Marco Polo Junior Versus the Red Dragon

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Marco Polo Junior Versus the Red Dragon
Directed by Eric Porter
Produced by
  • Sheldon Moldoff
  • Eric Porter
Written by Sheldon Moldoff
Starring
Production
companies
Distributed by British Empire Films
Release date
  • December 1972 (1972-12) (Australia)
  • 12 April 1973 (1973-04-12) (United States)
Running time
82 minutes[1]
Country Australia
Language English
Budget A$650,000[2]

Marco Polo Junior Versus the Red Dragon is a 1972 Australian animated musical adventure film directed by Eric Porter, written by Sheldon Moldoff, and was the country's first animated feature film.[3] The two sequence directors were Porter's animation director Cam Ford (who had previously worked on the Beatles' Yellow Submarine) and Peter Gardiner.

Plot[edit]

Young Marco, a descendant of Marco Polo, and his companion Sandy the Seagull, sets off on a journey to the mythical kingdom of Xanadu, to help Princess Shining Moon defeat the evil magician, the Red Dragon.

Voice cast[edit]

  • Bobby Rydell as Marco Polo Junior
  • Arnold Stang as The Delicate Dinosaur
  • Corie Sims as Princess Shining Moon
  • Kevin Golsby as The Red Dragon
  • Larry Best as The Guru
  • Gordon Hammet
  • Lionel G. Wilson
  • Arthur Anderson
  • Merril E. Joels
  • Sam Gray

Production[edit]

The film was conceived by Sheldon Moldoff who made the film as a co-production with Eric Porter in Australia. $60,000 of the budget was provided by the Australian Film Development Corporation. Preliminary story board work was done in the US but most of the film was done in Australia.[2]

Over seventy artists were involved in the film. Sequence directors were Cam Ford and Peter Gardner, and animators were Paul McAdam, Yvonne Pearsall, Dick Dunne, Gairdon Cooke, Richard Jones, Gerry Grabner, Stan Walker, Cynthia Leech, Peter Luschwitz, Kevin Roper and children's illustrator Kilmeny Niland.[4] Background work was by Graham Liney and Yvonne Perrin, sister of Disney's Sleeping Beauty background stylist Eyvind Earle. Production took place from mid 1970 until May 1972.[2]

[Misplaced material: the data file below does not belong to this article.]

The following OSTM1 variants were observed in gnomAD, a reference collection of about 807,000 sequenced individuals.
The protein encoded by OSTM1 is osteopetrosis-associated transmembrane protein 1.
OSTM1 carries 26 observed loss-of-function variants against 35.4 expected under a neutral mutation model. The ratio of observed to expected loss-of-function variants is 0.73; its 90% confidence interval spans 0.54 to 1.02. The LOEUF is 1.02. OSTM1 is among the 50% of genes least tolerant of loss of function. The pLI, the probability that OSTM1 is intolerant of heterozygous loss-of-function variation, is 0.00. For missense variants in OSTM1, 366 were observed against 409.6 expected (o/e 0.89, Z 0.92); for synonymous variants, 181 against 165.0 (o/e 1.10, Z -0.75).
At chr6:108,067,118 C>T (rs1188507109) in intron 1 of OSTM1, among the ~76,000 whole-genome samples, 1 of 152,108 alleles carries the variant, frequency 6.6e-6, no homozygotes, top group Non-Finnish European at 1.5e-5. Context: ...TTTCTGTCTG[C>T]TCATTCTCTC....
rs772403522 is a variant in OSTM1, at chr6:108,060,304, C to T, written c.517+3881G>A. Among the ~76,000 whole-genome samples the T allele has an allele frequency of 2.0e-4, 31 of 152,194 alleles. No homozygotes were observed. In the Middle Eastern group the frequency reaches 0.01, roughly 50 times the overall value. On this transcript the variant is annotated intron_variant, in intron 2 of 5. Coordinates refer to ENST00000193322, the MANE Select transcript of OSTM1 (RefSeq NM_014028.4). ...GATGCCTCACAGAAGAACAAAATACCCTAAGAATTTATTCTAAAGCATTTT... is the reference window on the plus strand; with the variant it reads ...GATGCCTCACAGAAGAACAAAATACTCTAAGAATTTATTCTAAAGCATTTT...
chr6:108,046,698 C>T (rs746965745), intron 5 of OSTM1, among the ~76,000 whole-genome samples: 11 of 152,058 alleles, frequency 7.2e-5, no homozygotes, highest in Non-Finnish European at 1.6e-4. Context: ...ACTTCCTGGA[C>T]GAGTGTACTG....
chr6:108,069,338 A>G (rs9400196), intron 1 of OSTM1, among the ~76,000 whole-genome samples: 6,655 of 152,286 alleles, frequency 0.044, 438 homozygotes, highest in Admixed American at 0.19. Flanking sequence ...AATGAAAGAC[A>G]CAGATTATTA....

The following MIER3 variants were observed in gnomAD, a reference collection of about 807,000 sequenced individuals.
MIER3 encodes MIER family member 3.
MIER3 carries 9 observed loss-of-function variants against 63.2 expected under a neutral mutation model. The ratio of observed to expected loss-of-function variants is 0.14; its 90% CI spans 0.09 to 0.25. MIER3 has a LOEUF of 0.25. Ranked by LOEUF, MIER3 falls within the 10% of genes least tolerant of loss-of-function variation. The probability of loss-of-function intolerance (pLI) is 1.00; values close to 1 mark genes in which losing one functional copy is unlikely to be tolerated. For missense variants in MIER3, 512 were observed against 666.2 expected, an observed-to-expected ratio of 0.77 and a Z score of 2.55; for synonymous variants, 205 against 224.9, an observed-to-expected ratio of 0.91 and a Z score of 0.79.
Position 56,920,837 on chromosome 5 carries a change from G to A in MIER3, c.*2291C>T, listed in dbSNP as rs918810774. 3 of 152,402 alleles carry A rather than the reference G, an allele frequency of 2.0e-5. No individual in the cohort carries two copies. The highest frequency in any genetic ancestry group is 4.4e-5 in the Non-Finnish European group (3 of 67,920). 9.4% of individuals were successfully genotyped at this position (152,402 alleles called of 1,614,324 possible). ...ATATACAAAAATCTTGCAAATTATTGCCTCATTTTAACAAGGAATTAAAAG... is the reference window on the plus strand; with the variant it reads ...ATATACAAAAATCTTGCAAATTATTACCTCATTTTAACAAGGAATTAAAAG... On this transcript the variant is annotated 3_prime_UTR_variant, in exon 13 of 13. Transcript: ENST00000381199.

Only one voice, that of the Red Dragon, was provided by an Australian; actor and comedian Kevin Golsby.[5]

Release[edit]

Shortly before the film's release in December 1972, an Australian/American cartoon special about the original Marco Polo screened on Australian television, prompting the film's distributors to make the title longer to avoid confusion. However commercial results were poor, largely due to insufficient promotion by the US distributors, although it did reasonably well in Australia and Europe. The low returns from the film persuaded Porter to undertake sub-contracted TV series work from America's Hanna-Barbera (Charlie Chan & the Chan Clan, Superfriends, plus several one-off animated TV specials), but a subsequent financial recession in 1975 finally saw Porter shutting down his animation studio.[2]

Three books were published using art work from the film.

The film's title was changed to The Magic Medallion for its 1976 release on television.

Received its widest American exposure over the Showtime Cable Network in 1983 and 1984, before released on home video in 1984 under the Family Home Entertainment label of MGM/UA Home Video.

Marco Polo: Return to Xanadu[edit]

Many years later, the story was re-edited and extended by scriptwriter (and original co-producer) Sheldon Moldoff, in collaboration with Ron Merk and, with additional footage and subplot, was released as Marco Polo: Return to Xanadu (2002).[6] The resulting version is generally considered to be vastly inferior to the original.

References[edit]

  1. ^ "Marco Polo Junior (U)". British Board of Film Classification. 21 March 1973. Retrieved 19 June 2016. 
  2. ^ a b c d Andrew Pike and Ross Cooper, Australian Film 1900–1977: A Guide to Feature Film Production, Melbourne: Oxford University Press, 1998 p268
  3. ^ "Animation in Australia". Australian Government, Culture Portal. 24 November 2008. Retrieved 10 May 2010. 
  4. ^ http://www.imdb.com/title/tt0130847/combined
  5. ^ "An "Anonymous" Actor.". The Australian Women's Weekly. National Library of Australia. 17 January 1973. p. 7. Retrieved 27 September 2012. 
  6. ^ [1]

External links[edit]